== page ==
Large language models capable of writing and refactoring computer code have been on the rise lately, man. These tools don’t replace programmers, bro — writing code is an art form. But they can seriously make programmers way more efficient by handling all the boring and tedious stuff.
Check it out, man. There’s this company called International Business Machines (NYSE: IBM) that’s been rolling out its watsonx artificial intelligence (AI) platform over the past few months. They’re all about helping their enterprise customers train and deploy generative AI models while keeping data privacy and regulatory requirements in mind. And guess what, man? They just launched the watsonx Code Assistant. This AI-powered assistant is no ordinary tool, bro. It’s specifically tailored for certain use cases.
One of those use cases is converting ancient code that runs on IBM’s mainframe systems into a more modern programming language. Now, I know that might not seem like the most exciting application for this transformative technology. But let me tell you, man, it’s a huge opportunity for IBM to keep their mainframe systems relevant and rake in some extra cash from their enterprise customers.
Alright, now let’s talk about COBOL. You ever heard of it? It’s this programming language that’s been around since 1959, man. COBOL isn’t really used for new applications anymore, with all these fancy modern languages available. But get this, IBM estimates that 70% of global banking transactions are processed on mainframe systems running COBOL. And get this, there’s like 800 billion lines of COBOL code in daily use. That’s crazy, bro!
But here’s the problem, man. No one learns COBOL anymore. It’s not taught in U.S. universities, and even if it was, learning COBOL is probably not gonna get you far in your career. So, companies running COBOL-powered workloads are in a tough spot. They need specialized talent to rewrite all that ancient code, and good luck finding that, bro. And the longer they wait, the smaller the pool of COBOL-savvy programmers gets.
But hey, IBM has a solution, man. They came up with watsonx Code Assistant for Z. It’s a specialized version of their code assistant that uses AI to map out a COBOL application and split it up into modular parts. Then, it converts those parts into modern Java code. Pretty cool, right? The only thing it can’t do just yet is validation testing, but they’re planning to add that feature in the future.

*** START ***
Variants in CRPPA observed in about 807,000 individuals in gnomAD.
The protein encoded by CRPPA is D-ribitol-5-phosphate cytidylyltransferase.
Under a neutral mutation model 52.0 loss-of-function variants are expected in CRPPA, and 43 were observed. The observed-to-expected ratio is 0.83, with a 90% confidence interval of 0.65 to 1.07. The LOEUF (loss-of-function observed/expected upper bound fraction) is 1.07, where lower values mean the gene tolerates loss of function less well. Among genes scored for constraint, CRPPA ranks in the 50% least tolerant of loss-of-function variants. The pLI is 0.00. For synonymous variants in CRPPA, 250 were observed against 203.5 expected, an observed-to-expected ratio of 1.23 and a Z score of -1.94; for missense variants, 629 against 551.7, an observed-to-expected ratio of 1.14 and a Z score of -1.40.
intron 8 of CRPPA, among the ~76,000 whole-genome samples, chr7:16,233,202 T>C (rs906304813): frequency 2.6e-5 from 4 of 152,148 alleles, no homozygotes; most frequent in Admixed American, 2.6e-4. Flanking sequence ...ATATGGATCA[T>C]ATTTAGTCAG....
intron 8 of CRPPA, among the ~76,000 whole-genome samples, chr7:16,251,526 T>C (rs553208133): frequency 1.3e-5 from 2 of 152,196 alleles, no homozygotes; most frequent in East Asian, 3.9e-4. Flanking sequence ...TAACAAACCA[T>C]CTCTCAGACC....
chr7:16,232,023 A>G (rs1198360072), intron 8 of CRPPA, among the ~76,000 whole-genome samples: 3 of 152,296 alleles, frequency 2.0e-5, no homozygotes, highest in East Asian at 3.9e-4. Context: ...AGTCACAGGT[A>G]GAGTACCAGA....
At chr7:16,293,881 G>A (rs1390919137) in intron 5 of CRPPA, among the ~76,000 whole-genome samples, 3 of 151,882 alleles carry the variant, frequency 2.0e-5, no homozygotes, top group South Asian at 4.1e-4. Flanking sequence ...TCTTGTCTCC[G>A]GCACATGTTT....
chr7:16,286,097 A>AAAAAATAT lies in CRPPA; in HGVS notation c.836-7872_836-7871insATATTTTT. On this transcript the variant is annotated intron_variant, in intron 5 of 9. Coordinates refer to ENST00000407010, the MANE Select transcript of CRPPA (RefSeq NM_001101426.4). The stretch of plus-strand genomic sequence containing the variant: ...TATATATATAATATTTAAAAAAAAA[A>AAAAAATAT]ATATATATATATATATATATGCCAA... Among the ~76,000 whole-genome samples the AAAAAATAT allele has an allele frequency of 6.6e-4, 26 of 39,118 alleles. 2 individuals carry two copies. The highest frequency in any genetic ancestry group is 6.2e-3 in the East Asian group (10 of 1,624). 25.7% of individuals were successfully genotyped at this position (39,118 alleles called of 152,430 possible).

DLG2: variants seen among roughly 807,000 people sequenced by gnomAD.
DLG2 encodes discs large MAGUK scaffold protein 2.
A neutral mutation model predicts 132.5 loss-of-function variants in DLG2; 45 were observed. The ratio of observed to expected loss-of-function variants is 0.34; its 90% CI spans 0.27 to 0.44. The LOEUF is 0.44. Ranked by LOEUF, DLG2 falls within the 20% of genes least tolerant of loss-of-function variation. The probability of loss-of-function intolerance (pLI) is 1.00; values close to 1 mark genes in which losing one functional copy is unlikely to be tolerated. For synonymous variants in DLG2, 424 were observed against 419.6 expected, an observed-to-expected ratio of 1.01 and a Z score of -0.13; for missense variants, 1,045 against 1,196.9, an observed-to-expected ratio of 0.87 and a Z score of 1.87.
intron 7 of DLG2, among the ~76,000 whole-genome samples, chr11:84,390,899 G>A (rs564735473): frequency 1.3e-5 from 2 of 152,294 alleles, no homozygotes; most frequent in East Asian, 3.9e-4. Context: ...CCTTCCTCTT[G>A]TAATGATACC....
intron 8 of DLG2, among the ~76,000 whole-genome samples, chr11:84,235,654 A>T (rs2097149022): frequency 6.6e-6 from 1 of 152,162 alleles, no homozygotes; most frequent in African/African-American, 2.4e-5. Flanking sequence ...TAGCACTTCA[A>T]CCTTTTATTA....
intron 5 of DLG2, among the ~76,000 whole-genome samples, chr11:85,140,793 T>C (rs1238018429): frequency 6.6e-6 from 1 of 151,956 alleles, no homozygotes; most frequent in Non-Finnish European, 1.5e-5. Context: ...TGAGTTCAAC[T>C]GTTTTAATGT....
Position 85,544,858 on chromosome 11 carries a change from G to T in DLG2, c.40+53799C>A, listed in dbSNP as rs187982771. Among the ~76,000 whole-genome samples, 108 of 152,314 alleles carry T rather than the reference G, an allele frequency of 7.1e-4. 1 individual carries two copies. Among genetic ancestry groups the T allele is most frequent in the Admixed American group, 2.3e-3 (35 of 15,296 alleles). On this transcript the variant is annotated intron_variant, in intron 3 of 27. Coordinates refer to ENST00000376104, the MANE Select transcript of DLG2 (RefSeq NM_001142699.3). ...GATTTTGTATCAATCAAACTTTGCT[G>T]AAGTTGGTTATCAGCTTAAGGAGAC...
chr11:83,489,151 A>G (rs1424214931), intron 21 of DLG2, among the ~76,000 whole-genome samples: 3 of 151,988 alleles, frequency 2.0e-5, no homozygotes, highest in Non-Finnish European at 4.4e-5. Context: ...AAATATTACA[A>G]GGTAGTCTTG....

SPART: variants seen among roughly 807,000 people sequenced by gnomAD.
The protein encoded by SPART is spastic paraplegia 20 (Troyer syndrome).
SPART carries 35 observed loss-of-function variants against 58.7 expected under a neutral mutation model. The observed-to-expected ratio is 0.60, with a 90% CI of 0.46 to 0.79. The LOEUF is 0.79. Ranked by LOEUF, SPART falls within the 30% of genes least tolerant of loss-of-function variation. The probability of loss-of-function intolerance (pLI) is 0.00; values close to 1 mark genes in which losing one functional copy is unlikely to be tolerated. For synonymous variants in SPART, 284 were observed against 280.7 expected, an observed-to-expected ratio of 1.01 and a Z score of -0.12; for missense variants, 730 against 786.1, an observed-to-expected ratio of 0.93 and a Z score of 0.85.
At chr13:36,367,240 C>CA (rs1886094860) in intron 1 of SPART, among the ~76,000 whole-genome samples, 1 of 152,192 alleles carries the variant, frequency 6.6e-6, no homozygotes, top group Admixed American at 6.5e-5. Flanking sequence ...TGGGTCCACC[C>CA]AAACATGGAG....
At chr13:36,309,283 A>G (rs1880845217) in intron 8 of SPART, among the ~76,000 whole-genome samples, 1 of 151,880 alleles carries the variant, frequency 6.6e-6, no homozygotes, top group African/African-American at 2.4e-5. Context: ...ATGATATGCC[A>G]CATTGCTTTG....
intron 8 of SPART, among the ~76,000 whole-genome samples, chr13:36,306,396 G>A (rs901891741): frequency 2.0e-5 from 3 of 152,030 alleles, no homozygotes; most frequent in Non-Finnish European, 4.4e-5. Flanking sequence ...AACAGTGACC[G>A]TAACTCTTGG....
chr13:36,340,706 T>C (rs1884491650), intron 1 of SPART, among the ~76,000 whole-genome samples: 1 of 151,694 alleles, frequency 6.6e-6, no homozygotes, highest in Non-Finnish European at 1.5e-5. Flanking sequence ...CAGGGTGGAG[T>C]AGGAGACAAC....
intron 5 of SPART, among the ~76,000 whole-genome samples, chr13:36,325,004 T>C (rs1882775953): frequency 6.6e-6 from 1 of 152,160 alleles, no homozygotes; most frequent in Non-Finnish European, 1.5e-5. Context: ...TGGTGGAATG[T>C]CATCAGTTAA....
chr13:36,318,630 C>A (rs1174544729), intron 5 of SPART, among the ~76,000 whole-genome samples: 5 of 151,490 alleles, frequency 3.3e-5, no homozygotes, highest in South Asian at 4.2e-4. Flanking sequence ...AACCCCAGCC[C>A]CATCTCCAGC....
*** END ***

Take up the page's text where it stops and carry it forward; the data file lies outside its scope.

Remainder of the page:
So, why is this AI tool such a big deal? First, it gives mainframe customers a way to modernize their applications without ditching the mainframe altogether. Second, it lets IBM strengthen its relationship with mainframe customers. And third, it boosts IBM’s consulting business, man. Their consulting arm will help customers identify which applications to modernize and work with other parts of the company to create custom solutions. It’s a win-win, bro!
Oh, and here’s a sweet bonus for clients. With all those COBOL-powered apps in the banking and financial services industry, data privacy is a big concern. But by partnering with IBM and using their watsonx platform, clients can rest easy knowing their data is secure.
You gotta hand it to IBM, man. Their AI strategy is all about helping clients be more productive, efficient, and save money. Converting legacy COBOL apps to a modern language manually is such a pain in the butt and would cost a fortune in time, money, and disruption. But with this new AI tool, mainframe customers got another option, bro. They can bring their mission-critical apps into the 21st century and give IBM’s mainframe business a boost.
And hey, dig this, man. There are 10 stocks out there that our analyst team thinks are even better than International Business Machines. Can you believe it? These guys have been running the Motley Fool Stock Advisor newsletter for over a decade, and they’ve tripled the market, man. They just revealed their top 10 picks, and IBM didn’t make the cut. Crazy, right?
Anyway, that’s the scoop, bro. Just remember, these views and opinions are solely those of the author, man, and don’t necessarily reflect those of Nasdaq, Inc. Keep on rockin’!